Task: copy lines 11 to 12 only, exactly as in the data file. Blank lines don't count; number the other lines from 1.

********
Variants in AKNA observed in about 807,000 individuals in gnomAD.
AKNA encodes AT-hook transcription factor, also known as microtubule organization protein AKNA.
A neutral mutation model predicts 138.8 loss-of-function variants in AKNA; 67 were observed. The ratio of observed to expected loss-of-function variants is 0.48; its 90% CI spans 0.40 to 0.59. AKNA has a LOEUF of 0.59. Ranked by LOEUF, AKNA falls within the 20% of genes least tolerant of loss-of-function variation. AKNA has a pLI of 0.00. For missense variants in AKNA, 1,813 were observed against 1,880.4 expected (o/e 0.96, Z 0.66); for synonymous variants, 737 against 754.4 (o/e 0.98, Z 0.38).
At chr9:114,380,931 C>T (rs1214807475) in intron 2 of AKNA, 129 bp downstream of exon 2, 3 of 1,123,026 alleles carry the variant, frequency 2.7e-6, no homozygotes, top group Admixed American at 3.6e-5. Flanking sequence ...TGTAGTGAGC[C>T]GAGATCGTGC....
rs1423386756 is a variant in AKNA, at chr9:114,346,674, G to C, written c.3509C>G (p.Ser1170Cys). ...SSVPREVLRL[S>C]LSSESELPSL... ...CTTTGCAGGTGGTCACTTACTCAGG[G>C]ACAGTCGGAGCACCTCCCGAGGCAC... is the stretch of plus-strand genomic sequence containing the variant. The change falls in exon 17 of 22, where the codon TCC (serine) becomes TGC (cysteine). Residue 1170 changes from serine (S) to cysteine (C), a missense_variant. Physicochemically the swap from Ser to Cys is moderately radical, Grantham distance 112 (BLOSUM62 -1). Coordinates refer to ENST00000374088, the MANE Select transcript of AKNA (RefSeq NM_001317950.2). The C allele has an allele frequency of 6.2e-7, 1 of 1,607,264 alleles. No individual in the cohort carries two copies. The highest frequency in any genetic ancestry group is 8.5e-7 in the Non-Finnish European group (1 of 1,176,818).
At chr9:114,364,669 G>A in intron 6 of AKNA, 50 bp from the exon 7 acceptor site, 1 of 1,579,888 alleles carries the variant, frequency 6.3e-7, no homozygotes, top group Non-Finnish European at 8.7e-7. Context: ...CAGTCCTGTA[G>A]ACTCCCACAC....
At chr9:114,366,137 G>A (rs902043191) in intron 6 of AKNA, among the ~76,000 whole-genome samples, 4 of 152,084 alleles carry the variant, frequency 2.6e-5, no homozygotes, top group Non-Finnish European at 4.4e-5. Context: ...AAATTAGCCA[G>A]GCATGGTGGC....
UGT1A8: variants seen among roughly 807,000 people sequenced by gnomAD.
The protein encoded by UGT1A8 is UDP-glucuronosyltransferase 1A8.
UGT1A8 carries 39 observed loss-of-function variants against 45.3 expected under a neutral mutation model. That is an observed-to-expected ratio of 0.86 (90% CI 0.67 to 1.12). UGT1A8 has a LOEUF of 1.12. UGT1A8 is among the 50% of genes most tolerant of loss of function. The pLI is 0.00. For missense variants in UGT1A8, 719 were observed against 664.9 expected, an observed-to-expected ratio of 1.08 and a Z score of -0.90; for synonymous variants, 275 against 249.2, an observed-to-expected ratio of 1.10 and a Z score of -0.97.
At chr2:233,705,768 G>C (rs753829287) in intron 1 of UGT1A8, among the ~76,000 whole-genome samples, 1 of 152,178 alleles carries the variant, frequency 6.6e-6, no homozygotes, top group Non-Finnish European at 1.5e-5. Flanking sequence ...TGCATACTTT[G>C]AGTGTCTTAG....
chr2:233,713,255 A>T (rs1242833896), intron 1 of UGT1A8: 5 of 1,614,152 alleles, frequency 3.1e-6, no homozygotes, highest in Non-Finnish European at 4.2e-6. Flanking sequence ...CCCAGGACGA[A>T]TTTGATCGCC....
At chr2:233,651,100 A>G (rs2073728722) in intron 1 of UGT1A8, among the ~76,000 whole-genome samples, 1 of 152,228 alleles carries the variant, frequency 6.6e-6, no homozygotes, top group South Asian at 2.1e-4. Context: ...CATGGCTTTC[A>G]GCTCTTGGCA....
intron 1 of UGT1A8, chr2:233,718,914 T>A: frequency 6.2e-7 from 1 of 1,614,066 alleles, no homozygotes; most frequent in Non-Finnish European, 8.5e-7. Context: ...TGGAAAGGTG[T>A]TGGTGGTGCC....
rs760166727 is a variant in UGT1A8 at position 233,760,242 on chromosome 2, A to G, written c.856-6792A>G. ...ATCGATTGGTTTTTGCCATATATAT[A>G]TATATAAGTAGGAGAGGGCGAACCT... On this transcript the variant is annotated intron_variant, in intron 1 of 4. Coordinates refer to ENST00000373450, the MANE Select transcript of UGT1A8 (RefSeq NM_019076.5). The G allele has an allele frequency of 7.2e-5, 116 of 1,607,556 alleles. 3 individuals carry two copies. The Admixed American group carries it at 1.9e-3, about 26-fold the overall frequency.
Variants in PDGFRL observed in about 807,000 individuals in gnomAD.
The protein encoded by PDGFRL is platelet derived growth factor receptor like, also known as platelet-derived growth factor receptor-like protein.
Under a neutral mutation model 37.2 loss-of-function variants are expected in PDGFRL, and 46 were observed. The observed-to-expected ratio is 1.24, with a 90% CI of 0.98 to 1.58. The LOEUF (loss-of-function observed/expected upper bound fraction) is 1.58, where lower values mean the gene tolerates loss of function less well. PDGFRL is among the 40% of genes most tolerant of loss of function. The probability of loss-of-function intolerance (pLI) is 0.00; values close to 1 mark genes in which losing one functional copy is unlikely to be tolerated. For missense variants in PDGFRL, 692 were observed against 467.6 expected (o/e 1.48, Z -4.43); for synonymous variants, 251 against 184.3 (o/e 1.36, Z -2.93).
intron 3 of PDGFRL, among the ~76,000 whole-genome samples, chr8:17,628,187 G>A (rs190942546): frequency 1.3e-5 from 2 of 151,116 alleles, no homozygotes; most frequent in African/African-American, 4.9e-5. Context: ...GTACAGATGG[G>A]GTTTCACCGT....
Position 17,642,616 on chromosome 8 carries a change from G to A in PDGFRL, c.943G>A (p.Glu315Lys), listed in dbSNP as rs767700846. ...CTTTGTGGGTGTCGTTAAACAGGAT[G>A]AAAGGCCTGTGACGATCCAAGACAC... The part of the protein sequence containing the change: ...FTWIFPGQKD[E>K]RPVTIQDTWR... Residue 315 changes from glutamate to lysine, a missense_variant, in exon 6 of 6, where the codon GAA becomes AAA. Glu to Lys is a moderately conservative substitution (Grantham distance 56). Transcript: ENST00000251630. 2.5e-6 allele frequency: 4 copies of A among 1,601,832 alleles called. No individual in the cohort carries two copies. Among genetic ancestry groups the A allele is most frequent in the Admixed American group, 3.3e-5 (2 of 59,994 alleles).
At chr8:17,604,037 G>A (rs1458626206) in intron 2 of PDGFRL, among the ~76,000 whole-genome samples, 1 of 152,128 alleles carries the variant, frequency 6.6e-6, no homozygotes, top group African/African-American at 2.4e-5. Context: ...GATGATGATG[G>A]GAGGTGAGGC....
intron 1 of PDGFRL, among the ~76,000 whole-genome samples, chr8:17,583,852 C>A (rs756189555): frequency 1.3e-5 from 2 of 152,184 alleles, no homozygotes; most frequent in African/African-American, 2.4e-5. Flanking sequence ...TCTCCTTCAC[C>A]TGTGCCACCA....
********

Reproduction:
At chr2:233,705,768 G>C (rs753829287) in intron 1 of UGT1A8, among the ~76,000 whole-genome samples, 1 of 152,178 alleles carries the variant, frequency 6.6e-6, no homozygotes, top group Non-Finnish European at 1.5e-5. Flanking sequence ...TGCATACTTT[G>C]AGTGTCTTAG....
chr2:233,713,255 A>T (rs1242833896), intron 1 of UGT1A8: 5 of 1,614,152 alleles, frequency 3.1e-6, no homozygotes, highest in Non-Finnish European at 4.2e-6. Flanking sequence ...CCCAGGACGA[A>T]TTTGATCGCC....